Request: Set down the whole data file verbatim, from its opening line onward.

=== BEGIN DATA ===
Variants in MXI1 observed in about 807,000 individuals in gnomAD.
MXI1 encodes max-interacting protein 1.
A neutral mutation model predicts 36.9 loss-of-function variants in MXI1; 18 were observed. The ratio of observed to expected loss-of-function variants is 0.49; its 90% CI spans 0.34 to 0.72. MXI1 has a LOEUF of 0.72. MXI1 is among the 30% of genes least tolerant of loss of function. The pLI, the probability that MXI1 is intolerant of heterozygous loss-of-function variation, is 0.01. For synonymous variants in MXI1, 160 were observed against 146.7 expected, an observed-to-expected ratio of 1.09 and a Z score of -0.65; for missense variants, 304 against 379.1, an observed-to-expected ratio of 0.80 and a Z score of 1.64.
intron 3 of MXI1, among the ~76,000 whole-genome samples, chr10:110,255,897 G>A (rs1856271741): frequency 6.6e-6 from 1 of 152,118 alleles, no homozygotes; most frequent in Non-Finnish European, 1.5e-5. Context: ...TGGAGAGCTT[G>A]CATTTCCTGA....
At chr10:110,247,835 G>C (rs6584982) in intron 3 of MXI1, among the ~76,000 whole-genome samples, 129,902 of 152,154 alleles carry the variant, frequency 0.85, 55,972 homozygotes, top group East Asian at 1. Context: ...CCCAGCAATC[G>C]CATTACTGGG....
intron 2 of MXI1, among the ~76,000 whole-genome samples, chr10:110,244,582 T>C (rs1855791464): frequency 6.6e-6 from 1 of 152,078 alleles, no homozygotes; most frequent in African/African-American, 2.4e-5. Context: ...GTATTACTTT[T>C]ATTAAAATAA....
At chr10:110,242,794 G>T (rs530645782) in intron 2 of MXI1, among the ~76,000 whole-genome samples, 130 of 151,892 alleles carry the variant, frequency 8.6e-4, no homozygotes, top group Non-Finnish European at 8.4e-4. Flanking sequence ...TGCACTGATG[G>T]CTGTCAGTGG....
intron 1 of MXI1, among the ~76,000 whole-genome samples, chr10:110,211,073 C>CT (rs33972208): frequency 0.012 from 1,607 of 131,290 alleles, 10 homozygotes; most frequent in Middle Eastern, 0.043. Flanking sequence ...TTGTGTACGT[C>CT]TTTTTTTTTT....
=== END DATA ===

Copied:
Variants in MXI1 observed in about 807,000 individuals in gnomAD.
MXI1 encodes max-interacting protein 1.
A neutral mutation model predicts 36.9 loss-of-function variants in MXI1; 18 were observed. The ratio of observed to expected loss-of-function variants is 0.49; its 90% CI spans 0.34 to 0.72. MXI1 has a LOEUF of 0.72. MXI1 is among the 30% of genes least tolerant of loss of function. The pLI, the probability that MXI1 is intolerant of heterozygous loss-of-function variation, is 0.01. For synonymous variants in MXI1, 160 were observed against 146.7 expected, an observed-to-expected ratio of 1.09 and a Z score of -0.65; for missense variants, 304 against 379.1, an observed-to-expected ratio of 0.80 and a Z score of 1.64.
intron 3 of MXI1, among the ~76,000 whole-genome samples, chr10:110,255,897 G>A (rs1856271741): frequency 6.6e-6 from 1 of 152,118 alleles, no homozygotes; most frequent in Non-Finnish European, 1.5e-5. Context: ...TGGAGAGCTT[G>A]CATTTCCTGA....
At chr10:110,247,835 G>C (rs6584982) in intron 3 of MXI1, among the ~76,000 whole-genome samples, 129,902 of 152,154 alleles carry the variant, frequency 0.85, 55,972 homozygotes, top group East Asian at 1. Context: ...CCCAGCAATC[G>C]CATTACTGGG....
intron 2 of MXI1, among the ~76,000 whole-genome samples, chr10:110,244,582 T>C (rs1855791464): frequency 6.6e-6 from 1 of 152,078 alleles, no homozygotes; most frequent in African/African-American, 2.4e-5. Context: ...GTATTACTTT[T>C]ATTAAAATAA....
At chr10:110,242,794 G>T (rs530645782) in intron 2 of MXI1, among the ~76,000 whole-genome samples, 130 of 151,892 alleles carry the variant, frequency 8.6e-4, no homozygotes, top group Non-Finnish European at 8.4e-4. Flanking sequence ...TGCACTGATG[G>T]CTGTCAGTGG....
intron 1 of MXI1, among the ~76,000 whole-genome samples, chr10:110,211,073 C>CT (rs33972208): frequency 0.012 from 1,607 of 131,290 alleles, 10 homozygotes; most frequent in Middle Eastern, 0.043. Flanking sequence ...TTGTGTACGT[C>CT]TTTTTTTTTT....